Zibeline — Complete eBook

This eBook from the Gutenberg Project consists of approximately 139 pages of information about Zibeline — Complete.

“What is that?”

“The fact that you were the cause of her living alone for six months!”



The different troops, assembled for review, were massed on the parade-ground at Vincennes, facing the tribunes.

In the centre, the artillery brigade, surrounded by two divisions of infantry, was drawn up in two straight columns, connected by regiments; each division of infantry, in double columns, was connected by brigades.

These six columns were separated by spaces varying from twenty to twenty-five metres.

In the background, the cavalry division was lined up in columns; behind that was its artillery, in the same order of formation.

At a given signal, the troops advanced five hundred metres, and, as soon as they halted, drums, clarinets and trumpets beat and sounded from all parts of the field, saluting the arrival of the military governor of Paris.

This functionary, followed by his staff, in the midst of which group glittered the brilliant Russian uniform of the aide-decamp General Leniaeff, rode slowly past the front and the flanks of the massed body, the troops facing to the left or the right as he passed.

This inspection finished, he took up his stand before the pillars at the entrance, and the march past began by battalions en masse, in the midst of the acclamations of numerous spectators who had come to witness this imposing display, well calculated to stir patriotic pride.

The enthusiasm increased; the Prerolles division marched past after its artillery, and, as always, the martial and distinguished profile of its general produced its usual effect on the public.

He rode Aida, his favorite mare, an Irish sorrel of powerful frame, with solid limbs, whose horizontal crupper and long tail indicated her race; she was one of those animals that are calm and lively at the same time, capable of going anywhere and of passing through all sorts of trials.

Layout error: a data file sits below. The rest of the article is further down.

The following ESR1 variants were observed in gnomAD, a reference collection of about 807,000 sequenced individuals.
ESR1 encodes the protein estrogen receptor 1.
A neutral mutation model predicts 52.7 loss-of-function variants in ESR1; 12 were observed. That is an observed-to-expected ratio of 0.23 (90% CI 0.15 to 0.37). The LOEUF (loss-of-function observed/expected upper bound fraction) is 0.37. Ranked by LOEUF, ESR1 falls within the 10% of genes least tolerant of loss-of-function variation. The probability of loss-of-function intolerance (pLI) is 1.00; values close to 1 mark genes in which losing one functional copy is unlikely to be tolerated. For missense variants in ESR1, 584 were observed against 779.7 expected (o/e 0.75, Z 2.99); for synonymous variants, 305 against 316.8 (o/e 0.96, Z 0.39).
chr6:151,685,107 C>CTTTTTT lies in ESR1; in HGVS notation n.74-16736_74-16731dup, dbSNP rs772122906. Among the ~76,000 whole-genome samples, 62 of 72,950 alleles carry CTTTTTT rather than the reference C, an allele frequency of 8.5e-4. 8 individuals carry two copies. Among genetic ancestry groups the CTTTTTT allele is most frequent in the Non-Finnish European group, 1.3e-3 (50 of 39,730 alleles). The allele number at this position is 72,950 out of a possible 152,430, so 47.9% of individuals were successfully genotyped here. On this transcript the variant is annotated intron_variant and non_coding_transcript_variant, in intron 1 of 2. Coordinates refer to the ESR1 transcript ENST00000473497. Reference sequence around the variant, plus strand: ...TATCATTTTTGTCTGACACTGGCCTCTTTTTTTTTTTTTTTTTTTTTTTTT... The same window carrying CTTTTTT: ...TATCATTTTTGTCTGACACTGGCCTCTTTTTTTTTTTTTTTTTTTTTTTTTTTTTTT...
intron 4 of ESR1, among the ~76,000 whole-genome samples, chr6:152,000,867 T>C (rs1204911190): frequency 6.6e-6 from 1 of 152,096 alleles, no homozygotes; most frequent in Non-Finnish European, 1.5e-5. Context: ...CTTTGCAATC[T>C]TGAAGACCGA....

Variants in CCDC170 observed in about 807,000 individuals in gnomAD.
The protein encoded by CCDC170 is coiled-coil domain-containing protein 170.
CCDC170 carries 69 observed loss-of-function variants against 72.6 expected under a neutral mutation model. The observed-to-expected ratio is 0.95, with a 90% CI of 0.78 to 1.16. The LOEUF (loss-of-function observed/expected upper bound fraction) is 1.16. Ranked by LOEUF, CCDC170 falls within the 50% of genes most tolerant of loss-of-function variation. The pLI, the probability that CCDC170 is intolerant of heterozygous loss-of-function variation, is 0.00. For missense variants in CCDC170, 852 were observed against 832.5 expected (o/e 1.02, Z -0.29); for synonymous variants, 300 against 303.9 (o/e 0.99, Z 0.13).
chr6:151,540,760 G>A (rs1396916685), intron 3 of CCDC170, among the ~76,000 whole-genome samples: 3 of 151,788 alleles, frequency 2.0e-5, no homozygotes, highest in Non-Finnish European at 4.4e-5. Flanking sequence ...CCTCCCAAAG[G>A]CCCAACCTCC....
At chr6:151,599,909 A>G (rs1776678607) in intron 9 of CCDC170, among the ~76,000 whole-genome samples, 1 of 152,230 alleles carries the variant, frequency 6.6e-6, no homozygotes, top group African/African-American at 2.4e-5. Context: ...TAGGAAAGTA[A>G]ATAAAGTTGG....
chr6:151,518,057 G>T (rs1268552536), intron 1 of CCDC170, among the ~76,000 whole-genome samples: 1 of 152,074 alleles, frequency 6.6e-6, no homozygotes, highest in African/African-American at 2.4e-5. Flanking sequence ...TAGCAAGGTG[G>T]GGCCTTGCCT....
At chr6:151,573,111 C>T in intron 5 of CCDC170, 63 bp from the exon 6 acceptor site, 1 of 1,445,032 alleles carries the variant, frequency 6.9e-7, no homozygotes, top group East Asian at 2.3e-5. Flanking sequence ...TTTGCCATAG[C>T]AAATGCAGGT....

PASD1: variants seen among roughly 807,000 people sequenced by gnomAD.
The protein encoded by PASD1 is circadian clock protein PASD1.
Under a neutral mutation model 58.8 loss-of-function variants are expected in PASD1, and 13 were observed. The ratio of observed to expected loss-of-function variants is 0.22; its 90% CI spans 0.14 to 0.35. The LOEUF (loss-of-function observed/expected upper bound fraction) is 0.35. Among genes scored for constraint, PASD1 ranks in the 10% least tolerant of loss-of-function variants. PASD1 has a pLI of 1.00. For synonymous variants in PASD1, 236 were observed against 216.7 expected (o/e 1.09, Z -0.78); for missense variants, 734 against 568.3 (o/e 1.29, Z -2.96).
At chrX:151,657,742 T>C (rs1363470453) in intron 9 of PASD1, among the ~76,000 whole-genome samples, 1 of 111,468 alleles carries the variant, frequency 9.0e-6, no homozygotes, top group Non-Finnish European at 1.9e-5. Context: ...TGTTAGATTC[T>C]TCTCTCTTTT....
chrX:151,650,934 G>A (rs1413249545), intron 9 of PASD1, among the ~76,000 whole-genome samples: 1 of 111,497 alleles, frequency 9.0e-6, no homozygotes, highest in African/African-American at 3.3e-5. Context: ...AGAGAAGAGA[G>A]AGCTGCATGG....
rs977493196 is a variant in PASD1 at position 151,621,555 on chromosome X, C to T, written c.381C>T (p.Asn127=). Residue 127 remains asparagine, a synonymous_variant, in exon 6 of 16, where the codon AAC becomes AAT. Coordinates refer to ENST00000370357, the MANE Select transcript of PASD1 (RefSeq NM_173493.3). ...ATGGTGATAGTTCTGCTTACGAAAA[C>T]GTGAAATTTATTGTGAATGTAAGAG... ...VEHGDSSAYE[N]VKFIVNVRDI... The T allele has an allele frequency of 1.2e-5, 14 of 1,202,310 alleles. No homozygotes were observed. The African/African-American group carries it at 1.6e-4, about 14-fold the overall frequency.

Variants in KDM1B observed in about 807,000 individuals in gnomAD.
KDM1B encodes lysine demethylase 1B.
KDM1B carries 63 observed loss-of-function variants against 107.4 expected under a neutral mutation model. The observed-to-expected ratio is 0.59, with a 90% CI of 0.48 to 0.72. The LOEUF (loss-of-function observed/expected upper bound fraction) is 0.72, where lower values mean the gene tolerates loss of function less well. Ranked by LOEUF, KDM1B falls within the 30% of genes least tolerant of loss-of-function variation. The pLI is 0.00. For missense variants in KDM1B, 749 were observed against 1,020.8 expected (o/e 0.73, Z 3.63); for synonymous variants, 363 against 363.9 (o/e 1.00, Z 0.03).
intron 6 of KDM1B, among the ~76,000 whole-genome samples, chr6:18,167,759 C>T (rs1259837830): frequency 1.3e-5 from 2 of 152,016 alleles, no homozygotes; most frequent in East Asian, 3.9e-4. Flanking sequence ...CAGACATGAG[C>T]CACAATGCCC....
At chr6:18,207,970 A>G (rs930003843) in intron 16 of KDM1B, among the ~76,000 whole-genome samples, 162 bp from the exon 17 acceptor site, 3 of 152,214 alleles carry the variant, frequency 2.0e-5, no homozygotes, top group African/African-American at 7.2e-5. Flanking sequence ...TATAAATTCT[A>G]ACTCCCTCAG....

After its parade, the infantry, whose part in the affair was finished, retraced their steps and took up a position on the other side of the field of manoeuvres, facing the north, and in front of rising ground, in preparation for the discharge of musketry.

During this time the artillery brigade, re-formed in battle array on the parade-ground, detached six batteries, which advanced at a trot to within one hundred and fifty metres of the tribunes, where they discharged a volley.  The long pieces were run rapidly to right and left, unmasking the cavalry, which, after a similar volley from its own batteries, appeared behind them in battle order, and executed a galloping march, its third line held in reserve.

A few moments later all the troops rejoined the infantry on the ground set apart for rest and for the purpose of partaking of a cold repast, consisting of potted meats, with which each man was furnished.

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Zibeline — Complete from Project Gutenberg. Public domain.
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